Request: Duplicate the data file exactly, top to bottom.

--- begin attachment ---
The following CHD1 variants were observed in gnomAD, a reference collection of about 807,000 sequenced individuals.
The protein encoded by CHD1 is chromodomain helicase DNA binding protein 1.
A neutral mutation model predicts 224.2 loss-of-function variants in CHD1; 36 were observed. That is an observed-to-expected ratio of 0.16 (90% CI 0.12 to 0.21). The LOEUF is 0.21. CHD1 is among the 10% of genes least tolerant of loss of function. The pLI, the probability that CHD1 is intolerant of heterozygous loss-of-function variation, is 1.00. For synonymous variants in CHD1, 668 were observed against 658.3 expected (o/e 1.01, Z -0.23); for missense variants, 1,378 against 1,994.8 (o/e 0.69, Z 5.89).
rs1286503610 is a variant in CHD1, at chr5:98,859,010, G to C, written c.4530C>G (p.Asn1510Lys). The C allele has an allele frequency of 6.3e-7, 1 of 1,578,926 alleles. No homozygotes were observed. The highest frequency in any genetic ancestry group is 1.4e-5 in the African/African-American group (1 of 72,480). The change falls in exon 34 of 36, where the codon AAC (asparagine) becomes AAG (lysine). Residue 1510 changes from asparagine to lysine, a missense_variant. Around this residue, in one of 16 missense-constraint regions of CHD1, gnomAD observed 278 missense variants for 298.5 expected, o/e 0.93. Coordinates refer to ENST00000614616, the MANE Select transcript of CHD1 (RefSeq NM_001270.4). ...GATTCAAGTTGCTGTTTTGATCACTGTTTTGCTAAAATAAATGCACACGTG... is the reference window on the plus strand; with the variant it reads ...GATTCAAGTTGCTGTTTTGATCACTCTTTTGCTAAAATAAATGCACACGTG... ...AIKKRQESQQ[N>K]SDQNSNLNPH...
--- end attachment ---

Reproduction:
The following CHD1 variants were observed in gnomAD, a reference collection of about 807,000 sequenced individuals.
The protein encoded by CHD1 is chromodomain helicase DNA binding protein 1.
A neutral mutation model predicts 224.2 loss-of-function variants in CHD1; 36 were observed. That is an observed-to-expected ratio of 0.16 (90% CI 0.12 to 0.21). The LOEUF is 0.21. CHD1 is among the 10% of genes least tolerant of loss of function. The pLI, the probability that CHD1 is intolerant of heterozygous loss-of-function variation, is 1.00. For synonymous variants in CHD1, 668 were observed against 658.3 expected (o/e 1.01, Z -0.23); for missense variants, 1,378 against 1,994.8 (o/e 0.69, Z 5.89).
rs1286503610 is a variant in CHD1, at chr5:98,859,010, G to C, written c.4530C>G (p.Asn1510Lys). The C allele has an allele frequency of 6.3e-7, 1 of 1,578,926 alleles. No homozygotes were observed. The highest frequency in any genetic ancestry group is 1.4e-5 in the African/African-American group (1 of 72,480). The change falls in exon 34 of 36, where the codon AAC (asparagine) becomes AAG (lysine). Residue 1510 changes from asparagine to lysine, a missense_variant. Around this residue, in one of 16 missense-constraint regions of CHD1, gnomAD observed 278 missense variants for 298.5 expected, o/e 0.93. Coordinates refer to ENST00000614616, the MANE Select transcript of CHD1 (RefSeq NM_001270.4). ...GATTCAAGTTGCTGTTTTGATCACTGTTTTGCTAAAATAAATGCACACGTG... is the reference window on the plus strand; with the variant it reads ...GATTCAAGTTGCTGTTTTGATCACTCTTTTGCTAAAATAAATGCACACGTG... ...AIKKRQESQQ[N>K]SDQNSNLNPH...